Archive | September, 2012

Mr.Micawber on happiness

23 Sep

Last night we went to see Simon Callow perform The Mystery of Charles Dickens at the Playhouse Theatre in London (where we live). One of the famous Dickensian maxims that he worked into the performance was Mr Wilkins Micawber’s, “Annual income twenty pounds, annual expenditure nineteen pounds nineteen and six, result happiness. Annual income twenty pounds, annual expenditure twenty pounds ought and six, result misery.”  (from David Copperfield)

For many people, I imagine, Mr.Micawber’s pronouncement expresses one of the givens of happiness. Money may not make you happy – indeed, it’s worth noting that Micawber doesn’t want a lot of money, just enough, or a bit more than enough. But without enough money, it’s very difficult indeed to be happy.  This is certainly true for me. I want not to have to worry about money. But I don’t want a lot of it. I feel sure that too much would make me miserable.

Mr. Micawber Conducts David Home, by Harold Copping, 1924.

From Character Sketches from Dickens, facing p. 102.  Scanned image, caption, and commentary by Philip V. Allingham. See

Happiness survey: can we really measure happiness?

15 Sep

Probably only in broad terms. As many people have pointed out, it’s a pretty subjective business. But we can at least get a rough indication of how people in the country are feeling. And what happens next? – what is the Government going to do with the figures? That’s the important bit, of course, and it remains to be seen. But if we never try we’ll never know how useful these statistics might be. One thing I feel pretty sure about: the aim of government policy should be to create conditions in which as many people as possible can achieve happiness, if that’s what they want (they’re free to remain miserable if they prefer that, it’s a rational response to human existence). And just as it would be stupid not to collect statistics on ill health when shaping NHS policy, so it’s stupid, in my opinion, not to try to assess how happy people are when shaping policies that will determine huge areas of people’s lives.

All this begs the question of what happiness actually is. I don’t think that’s something the survey needs to concern itself with. If people think they are happy, then they are happy, for these purposes. Debates about what it means and how in overall terms it can be achieved belong elsewhere. That’s the main reason why I started this blog – because I want to examine a few ideas about happiness and consider how they work in twenty-first century Britain.

Happiness survey results

8 Sep

In July of this year the preliminary results of a ‘happiness survey’ carried out by the Office for National Statistics between 2011 and 2012 were published. For the first time the on-going Integrated Household Survey had included questions on what the OfNS prefers to call ‘well being’ rather than happiness. The results are in some ways quite encouraging. The 165,000 people surveyed had been asked to rate themselves on a scale of 0 to 10 on four questions:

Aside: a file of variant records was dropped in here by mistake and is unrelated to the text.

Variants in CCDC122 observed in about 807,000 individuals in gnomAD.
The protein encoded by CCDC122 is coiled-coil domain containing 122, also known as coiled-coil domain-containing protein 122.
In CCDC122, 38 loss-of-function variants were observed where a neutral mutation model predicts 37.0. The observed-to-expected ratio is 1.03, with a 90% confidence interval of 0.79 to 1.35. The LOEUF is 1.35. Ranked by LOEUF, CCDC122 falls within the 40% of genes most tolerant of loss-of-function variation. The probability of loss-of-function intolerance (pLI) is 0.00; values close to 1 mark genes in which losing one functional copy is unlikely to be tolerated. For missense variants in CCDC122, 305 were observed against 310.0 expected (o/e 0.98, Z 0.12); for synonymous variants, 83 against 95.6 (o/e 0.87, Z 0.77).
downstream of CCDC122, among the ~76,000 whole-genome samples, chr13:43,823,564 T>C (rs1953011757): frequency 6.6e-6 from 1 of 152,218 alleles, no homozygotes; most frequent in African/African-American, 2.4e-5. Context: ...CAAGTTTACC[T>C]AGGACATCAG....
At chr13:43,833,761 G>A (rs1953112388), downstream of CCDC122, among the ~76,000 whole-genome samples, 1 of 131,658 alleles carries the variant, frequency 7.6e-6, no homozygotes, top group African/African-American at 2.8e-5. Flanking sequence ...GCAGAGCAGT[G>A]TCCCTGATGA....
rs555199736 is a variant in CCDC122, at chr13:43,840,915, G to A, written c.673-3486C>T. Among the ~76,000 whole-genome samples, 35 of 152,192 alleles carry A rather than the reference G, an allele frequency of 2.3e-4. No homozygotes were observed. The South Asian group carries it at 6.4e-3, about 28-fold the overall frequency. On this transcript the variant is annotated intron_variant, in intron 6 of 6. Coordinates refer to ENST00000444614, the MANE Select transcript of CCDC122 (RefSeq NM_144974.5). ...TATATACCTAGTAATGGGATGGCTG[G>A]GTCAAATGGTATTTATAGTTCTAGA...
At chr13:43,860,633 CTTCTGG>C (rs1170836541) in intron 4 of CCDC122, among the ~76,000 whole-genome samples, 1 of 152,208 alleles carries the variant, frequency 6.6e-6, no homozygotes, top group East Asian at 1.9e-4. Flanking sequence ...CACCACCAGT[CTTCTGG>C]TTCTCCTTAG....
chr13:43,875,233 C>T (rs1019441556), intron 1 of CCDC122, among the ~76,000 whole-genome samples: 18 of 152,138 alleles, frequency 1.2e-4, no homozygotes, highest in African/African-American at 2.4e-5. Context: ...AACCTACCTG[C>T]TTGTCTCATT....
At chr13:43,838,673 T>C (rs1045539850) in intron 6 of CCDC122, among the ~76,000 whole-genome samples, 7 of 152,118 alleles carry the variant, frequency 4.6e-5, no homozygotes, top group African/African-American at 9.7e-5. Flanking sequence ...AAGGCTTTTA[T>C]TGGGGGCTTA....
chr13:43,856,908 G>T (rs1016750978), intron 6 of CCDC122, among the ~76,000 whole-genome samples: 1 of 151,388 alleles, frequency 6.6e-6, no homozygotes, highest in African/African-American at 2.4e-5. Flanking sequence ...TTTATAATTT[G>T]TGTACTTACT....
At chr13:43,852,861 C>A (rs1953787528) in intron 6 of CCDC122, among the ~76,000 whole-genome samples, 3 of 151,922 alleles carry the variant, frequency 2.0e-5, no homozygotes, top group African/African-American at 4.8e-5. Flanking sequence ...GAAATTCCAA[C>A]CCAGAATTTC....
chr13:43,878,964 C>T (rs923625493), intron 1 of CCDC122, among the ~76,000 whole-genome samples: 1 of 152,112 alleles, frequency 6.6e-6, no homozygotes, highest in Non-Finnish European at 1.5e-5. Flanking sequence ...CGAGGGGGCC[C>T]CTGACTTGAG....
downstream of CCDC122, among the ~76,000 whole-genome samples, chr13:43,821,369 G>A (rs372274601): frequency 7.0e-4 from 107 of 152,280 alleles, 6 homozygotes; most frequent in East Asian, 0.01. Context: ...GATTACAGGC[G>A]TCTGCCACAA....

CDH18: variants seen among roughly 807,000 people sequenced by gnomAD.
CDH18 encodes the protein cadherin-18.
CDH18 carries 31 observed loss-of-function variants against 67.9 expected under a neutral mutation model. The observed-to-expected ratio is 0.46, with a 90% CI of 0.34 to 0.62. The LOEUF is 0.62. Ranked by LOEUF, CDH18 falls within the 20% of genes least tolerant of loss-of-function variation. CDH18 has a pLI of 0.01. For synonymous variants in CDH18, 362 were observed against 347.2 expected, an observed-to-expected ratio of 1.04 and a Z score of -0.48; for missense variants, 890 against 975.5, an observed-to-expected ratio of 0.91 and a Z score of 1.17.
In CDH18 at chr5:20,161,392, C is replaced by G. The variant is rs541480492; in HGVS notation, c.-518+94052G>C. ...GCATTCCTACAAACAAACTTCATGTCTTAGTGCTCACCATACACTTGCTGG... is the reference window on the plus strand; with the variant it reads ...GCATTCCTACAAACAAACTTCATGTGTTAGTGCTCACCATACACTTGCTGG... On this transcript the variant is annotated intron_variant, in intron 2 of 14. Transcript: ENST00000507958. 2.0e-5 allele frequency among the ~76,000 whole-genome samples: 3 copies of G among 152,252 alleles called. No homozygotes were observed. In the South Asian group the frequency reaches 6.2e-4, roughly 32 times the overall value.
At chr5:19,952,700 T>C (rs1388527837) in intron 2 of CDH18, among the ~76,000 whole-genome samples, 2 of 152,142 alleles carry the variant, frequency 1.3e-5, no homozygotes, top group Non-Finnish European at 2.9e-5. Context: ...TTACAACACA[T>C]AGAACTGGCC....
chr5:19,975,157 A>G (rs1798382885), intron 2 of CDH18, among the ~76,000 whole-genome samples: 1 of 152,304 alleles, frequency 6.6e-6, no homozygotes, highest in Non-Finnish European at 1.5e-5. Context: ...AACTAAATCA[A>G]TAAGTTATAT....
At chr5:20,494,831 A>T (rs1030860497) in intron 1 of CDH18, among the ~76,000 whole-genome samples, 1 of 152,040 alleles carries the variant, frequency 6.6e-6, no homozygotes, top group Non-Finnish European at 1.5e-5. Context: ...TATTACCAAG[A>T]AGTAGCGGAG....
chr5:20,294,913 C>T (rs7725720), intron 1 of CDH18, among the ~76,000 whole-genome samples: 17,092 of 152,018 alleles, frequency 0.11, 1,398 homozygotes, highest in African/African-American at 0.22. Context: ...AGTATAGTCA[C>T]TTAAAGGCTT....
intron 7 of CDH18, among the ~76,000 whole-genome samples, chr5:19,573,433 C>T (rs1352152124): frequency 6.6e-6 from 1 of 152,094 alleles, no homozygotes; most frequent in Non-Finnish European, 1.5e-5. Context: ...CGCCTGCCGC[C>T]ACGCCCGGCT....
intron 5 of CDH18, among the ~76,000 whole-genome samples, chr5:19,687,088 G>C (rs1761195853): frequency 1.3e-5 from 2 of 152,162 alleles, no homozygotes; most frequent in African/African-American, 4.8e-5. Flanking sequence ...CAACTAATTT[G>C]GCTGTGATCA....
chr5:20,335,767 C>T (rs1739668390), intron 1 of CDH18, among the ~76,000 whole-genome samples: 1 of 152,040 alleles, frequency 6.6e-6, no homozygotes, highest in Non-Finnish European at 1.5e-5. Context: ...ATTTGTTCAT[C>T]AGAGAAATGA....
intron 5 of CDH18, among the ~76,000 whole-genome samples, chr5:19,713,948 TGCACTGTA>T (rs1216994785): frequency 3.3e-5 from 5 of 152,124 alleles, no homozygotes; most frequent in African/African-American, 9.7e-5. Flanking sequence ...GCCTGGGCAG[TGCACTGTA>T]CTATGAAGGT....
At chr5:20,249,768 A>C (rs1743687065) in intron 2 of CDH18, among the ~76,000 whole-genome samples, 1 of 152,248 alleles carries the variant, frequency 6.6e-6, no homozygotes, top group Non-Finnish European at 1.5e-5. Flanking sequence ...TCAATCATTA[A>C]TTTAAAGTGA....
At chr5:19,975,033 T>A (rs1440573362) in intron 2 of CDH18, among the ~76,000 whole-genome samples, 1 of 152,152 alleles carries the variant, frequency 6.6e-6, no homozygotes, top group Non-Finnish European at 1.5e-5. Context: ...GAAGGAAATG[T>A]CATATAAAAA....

• overall, how satisfied are you with your life nowadays?
  • to what extent do you feel that the things you do in your life are worthwhile?
  • overall, how happy did you feel yesterday?
  • how anxious did you feel yesterday?

                The averages scored for questions 1 to 3 in the UK as a whole were 7.41, 7.66 and 7.28  (suggesting that when people sit back and reflect on their lives they feel slightly better about the way things are going than they do when they think about their experiences on one particular day). On the last question we scored, on average, 3.14. If you look at the responses region by region, then Orkney and Shetland, Northern Ireland, and South-West England come out as the most happy and least anxious parts of the country.  Looked at in terms of age, people are happiest in their teenage years and after they’ve reached retirement age. No surprise where the latter are concerned, but whatever happened to teenage angst?  A bit of a myth, perhaps. And married or cohabiting people are happier than the single, the widowed and the divorced.

                So we may be a nation of congenital moaners, but most of us are, it seems, reasonably content with our lives. This result seems to have been confirmed  by our recent Olympic experience. During the Games we came over, somewhat to my surprise, as people who are to a large extent at home in our new, post-colonial identity. Apparently we like a bit of a do, volunteering, and being kind to complete strangers.

                Perhaps the most important thing a survey like this can do is to help us understand why some people are unhappy. There’s nothing earth-shattering about the discovery that if you’re unemployed you’re far more likely to be dissatisfied with your life than if you’re not (45% of the unemployed scored less than 7 out of 10 on that particular question). But the fact that it’s predictable doesn’t mean we can ignore the finding. I have always been very much in favour of the introduction of  ‘the happiness survey’, because like others I think we need measures other than those of pure economic output to show how we’re doing as a country. But the survey was certainly controversial, and one of the obvious dangers was that if the results showed us to be reasonably happy,  then the Government might start congratulating itself on doing a good job. So if booing George Osborne at the Olympics isn’t enough, let Osborne and Cameron have a look at the survey returns for the unemployed, and then take some serious action.